As US President Barack Obama ponders his options in what has become widely known as “Obama’s War” in Afghanistan, the resignation of a mid-level civilian official in Kabul has complicated the president’s choices, while a recent poll of Afghans lends a glimmer of optimism.
Matthew Hoh, a 36-year-old former Marine who headed a small provincial reconstruction team, has resigned because “I have lost understanding of and confidence in the strategic purposes of the United States’ presence in Afghanistan.”
In his letter of resignation to Nancy Powell, the Director-General of the Foreign Service, Hoh wrote that “I fail to see the value or the worth in continued US casualties or expenditures of resources in support of the Afghan government in what is, truly, a 35-year old civil war.”
He noted that next fall, the “United States’ occupation” will equal that of the Soviet Union’s failed effort that began in 1979.
“Like the Soviets,” Hoh said, “we continue to secure and bolster a failing state, while encouraging an ideology and system of government unknown and unwanted by its people.”
Ordinarily, the resignation of a middle ranking official doesn’t cause much of a stir. In this case, however, Ambassador Karl Eikenberry, head of the US mission in Kabul, and Ambassador Richard Holbrooke, the Obama administration’s special envoy on Pakistan and Afghanistan, both sought to dissuade Hoh from leaving. He was to see US Vice President Joseph Biden’s foreign policy adviser, Antony Blinken, this weekend.
Moreover, Hoh’s letter was leaked to the press, by whom and for what purpose is not clear. Hoh dated his letter Sept. 11, the eighth anniversary of the terrorist attacks in New York and Washington in 2001, but it didn’t show up in public until the Washington Post printed a front page story last Tuesday. That was quickly followed by articles in other papers, reports on TV news, an interview on the PBS News Hour, and numerous Internet blogs. Hoh’s questioning of the US military presence in Afghanistan came as US deaths there mounted to a monthly record of 55 as the end of last month approached. The US has deployed 68,000 men and women of all services in Afghanistan.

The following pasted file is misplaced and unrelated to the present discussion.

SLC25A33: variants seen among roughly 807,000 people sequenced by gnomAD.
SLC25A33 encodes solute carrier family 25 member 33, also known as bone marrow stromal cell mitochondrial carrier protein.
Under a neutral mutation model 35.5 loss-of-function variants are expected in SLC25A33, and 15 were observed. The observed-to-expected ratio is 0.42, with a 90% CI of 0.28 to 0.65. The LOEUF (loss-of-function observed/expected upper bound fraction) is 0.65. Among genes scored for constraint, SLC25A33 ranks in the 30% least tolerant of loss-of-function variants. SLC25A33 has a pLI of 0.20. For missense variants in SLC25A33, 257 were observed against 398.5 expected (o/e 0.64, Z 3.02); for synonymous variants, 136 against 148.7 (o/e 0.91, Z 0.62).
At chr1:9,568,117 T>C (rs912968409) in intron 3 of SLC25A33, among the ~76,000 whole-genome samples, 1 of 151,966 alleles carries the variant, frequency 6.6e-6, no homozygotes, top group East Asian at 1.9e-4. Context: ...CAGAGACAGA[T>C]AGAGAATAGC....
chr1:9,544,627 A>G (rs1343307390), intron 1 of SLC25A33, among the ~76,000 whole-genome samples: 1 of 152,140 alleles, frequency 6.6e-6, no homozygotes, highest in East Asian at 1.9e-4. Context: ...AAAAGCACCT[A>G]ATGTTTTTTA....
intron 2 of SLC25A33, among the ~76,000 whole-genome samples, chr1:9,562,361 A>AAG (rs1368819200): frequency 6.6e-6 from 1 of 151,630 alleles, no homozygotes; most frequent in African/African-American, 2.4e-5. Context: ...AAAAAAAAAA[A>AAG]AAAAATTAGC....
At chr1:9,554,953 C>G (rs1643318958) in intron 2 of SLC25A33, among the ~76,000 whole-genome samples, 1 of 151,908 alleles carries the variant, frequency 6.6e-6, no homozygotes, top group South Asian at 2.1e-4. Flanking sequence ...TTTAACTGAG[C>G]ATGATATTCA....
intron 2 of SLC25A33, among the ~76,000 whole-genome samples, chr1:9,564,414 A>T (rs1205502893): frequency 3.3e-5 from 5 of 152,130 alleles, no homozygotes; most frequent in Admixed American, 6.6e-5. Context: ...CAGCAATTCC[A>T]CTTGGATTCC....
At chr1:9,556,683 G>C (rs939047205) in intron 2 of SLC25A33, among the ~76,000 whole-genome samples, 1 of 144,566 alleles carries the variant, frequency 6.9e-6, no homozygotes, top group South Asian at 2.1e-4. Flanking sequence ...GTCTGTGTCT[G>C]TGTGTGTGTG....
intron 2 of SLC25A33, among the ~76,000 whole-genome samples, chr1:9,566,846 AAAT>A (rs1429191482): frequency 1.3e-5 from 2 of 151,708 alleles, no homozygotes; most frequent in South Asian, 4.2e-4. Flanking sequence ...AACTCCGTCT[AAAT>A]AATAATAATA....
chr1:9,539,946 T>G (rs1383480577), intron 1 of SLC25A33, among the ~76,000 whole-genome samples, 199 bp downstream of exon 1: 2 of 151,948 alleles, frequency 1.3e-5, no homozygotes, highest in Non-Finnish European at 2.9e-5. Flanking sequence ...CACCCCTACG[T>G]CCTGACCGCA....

The former Marine, who fought in Iraq, ticked off a litany of ills he alleged in Afghanistan, including “glaring corruption and unabashed graft,” a president affiliated with drug lords and criminals, provincial leaders who are power brokers and opportunists, and the recent elections “dominated by fraud and discredited by low voter turnout.”
Hoh said: “The dead return only in bodily form to be received by families who must be reassured their dead have sacrificed for a purpose worthy of futures lost, love vanished and promised dreams unkept. I have lost confidence such assurances can anymore be made.”
In some contrast to Hoh’s gloomy outlook, the results of a recent poll of Afghans released this week by the Asia Foundation, the non-governmental organization promoting development in Asia, produced a flicker of light. The survey found that 42 percent feel the country is moving in the right direction, up from 38 percent last year, but well below the 64 percent five years ago.
The reason for optimism was improved security, noted by 44 percent compared with 31 percent in 2006. Respondents also mentioned rebuilding and opening of schools for girls. The lack of security, however, generated pessimism even though that was cited by 42 percent, down from 50 percent last year.
Of the respondents, 51 percent said “they fear for their personal safety.” Of them, 17 percent said “they or someone in their family have been victims of violence or crime in the past year.” Nearly one in 10 victims said this was because of militias, insurgents or foreign forces.
Which was not unlike Hoh’s point.
Richard Halloran is a freelance writer in Hawaii.
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